As an incoming freshman on campus, you will experience a lot of feelings. It‘s not uncommon to be proud, relieved, nervous, excited, insecure and overwhelmed, maybe all at the same time. One of the best favors you can do yourself is to listen to the advice of upperclassmen who want to make your college experience a good one.
Consider the following tips:
When you first arrive, be honest enough to just be yourself. It takes a great deal of time and energy to impress others or maintain an alter ego. Make up your mind to start the year by being the best “you” you can be. Your freshman year will be much easier as a result.
To be comfortable in your own skin is important. It means everything about you – your voice, your style, your opinions and your behavior – is natural and relaxed. It also means you’ll attract new friends with whom you have a lot in common. Why try to be someone other than who you really are?
If you feel overwhelmed being on a new campus, you’re not alone. There are hundreds of other freshmen who are most likely scared stiff and hoping someone will make it a point to be friendly. Use these helpful tips and reach out to others who, like you, may need a friend:
A simple smile across the room can do wonders. A kind word, a casual conversation, inviting someone to walk with you to class … all of these are ways to reach out and be friendly. Not only will you make others feel comfortable, you’ll find some great new friends along the way.
If you are open to listening and learning, you will go far in life. Nobody likes a “know-it-all.” Those are the students who come to college with an attitude of superiority. They are argumentative, obnoxious and end up crippling their chances to succeed in life.
Class isn’t the only place you can be teachable. What about listening to the advice of an upperclassman who’s been on campus for a few years? They know a good bit about how things work and may be willing to give you a few tips on study habits, research and how to make top grades. Are you teachable?
There will be a lot of people that reach out to make you feel welcome at school – from the Student Government Association to the upperclassmen on campus to the resident manager of your dorm. Acknowledge the thoughtful things people do to help you feel at home. Was there a special welcome note on your mirror or a bag of goodies on your bunk? Find out who left it and thank them.
Be appreciative to staff members and you’ll make their day. Next time you go through the food line, thank the cook who is serving food. Compliment the janitor who keeps the floors of your dorm clean. If you are the recipient of a scholarship, send a note now and then – a little progress report to let them know how things are going. Being appreciative is a great trait to cultivate.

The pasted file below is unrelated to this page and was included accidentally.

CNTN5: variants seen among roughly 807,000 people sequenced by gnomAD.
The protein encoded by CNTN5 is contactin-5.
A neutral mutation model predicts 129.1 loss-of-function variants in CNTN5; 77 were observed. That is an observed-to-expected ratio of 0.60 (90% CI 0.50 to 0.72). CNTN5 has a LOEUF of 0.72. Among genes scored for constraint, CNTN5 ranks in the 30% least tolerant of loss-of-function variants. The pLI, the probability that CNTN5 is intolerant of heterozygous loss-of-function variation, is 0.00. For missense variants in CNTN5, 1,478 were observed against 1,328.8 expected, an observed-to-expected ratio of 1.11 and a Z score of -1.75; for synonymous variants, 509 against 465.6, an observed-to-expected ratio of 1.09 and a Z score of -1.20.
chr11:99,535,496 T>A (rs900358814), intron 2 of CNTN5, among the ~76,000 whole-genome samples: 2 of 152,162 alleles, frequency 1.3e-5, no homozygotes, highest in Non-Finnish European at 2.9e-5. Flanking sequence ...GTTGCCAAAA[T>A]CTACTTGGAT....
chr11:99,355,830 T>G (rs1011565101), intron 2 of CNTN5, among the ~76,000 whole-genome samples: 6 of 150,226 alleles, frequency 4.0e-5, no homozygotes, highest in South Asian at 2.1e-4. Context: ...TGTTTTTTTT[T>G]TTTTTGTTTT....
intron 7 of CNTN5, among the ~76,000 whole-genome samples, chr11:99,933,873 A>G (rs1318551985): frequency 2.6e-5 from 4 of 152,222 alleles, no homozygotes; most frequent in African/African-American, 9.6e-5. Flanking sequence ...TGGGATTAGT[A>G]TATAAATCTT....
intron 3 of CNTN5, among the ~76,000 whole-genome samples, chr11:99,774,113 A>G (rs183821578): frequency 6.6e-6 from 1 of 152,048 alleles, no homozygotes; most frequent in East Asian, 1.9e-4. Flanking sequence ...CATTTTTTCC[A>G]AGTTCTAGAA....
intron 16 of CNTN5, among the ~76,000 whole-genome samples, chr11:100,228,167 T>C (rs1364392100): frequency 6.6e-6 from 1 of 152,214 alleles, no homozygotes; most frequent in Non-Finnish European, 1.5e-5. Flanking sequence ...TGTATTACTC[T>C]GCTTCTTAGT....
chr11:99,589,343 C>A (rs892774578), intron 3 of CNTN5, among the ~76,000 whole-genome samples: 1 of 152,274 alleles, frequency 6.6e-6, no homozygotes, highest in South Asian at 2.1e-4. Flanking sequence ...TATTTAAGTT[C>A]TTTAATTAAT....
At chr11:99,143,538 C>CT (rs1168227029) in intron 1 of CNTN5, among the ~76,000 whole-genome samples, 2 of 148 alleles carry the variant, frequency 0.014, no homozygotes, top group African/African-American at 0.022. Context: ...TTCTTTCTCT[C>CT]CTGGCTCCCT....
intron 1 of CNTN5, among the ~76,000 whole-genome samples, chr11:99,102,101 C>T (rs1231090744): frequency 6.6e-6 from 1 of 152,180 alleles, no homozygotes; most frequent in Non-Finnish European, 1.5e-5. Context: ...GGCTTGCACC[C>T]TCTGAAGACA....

Were you the baby at home … the favorite son or the spoiled diva? Chances are, you pretty much got by with things and never had to pitch in or be thoughtful of others. For a crash course in being thoughtful, consider the following tips:
Don’t hog the conversation.
Don’t “borrow” things that don’t belong to you.
Clean up your messes.
Replace what you use up.
Turn off the lights when you leave.
Sounds like a list of kindergarten rules, right? Sadly, some students were never trained at home to be thoughtful.
Be on time
Wherever you go, be on time. A person who is punctual is showing consideration for others and their time. Being on time for meetings, classes, activities and all functions means you have to get up on time, get ready in time and get there in time.
There are benefits to being on time. You earn a good reputation for being dependable. You won’t miss important notes or information given early in class. A person who is habitually late is seen as lazy or inconsiderate of others.
When you first get to campus, lots of new opportunities will open up. There will be many groups and clubs seeking new members, and it’s exciting to be asked to join upperclassmen. There may be lots of good things going on, but you only have 24 hours a day to succeed in college.
Ask yourself some tough questions now and then: How much time will each class and its assignments require in a week’s time? Do I have to work hard to make good grades? Take your time when deciding which invitations to accept, which activities to attend, and so on. Don’t join up just because a friend does or an organization needs “one more pledge.” Do what’s right for you.
Having a great first year also means staying safe. When an upperclassman offers a safety tip, be sure to listen up. Get to know your campus and its safe spots: storm shelters, fire exits, school clinic, etc.
Security officers will be on campus, but there are still safety tips to keep in mind: Be aware of your surroundings when you’re out at night. Get to know someone before going out with them alone. Avoid having your drink spiked. Have one or two friends you can count on if you’re ever stranded.
By using the common-sense tips offered in this article, taking advice from helpful upperclassmen and making it a point to be friendly, you’re more likely to have a safe and enjoyable freshman experience.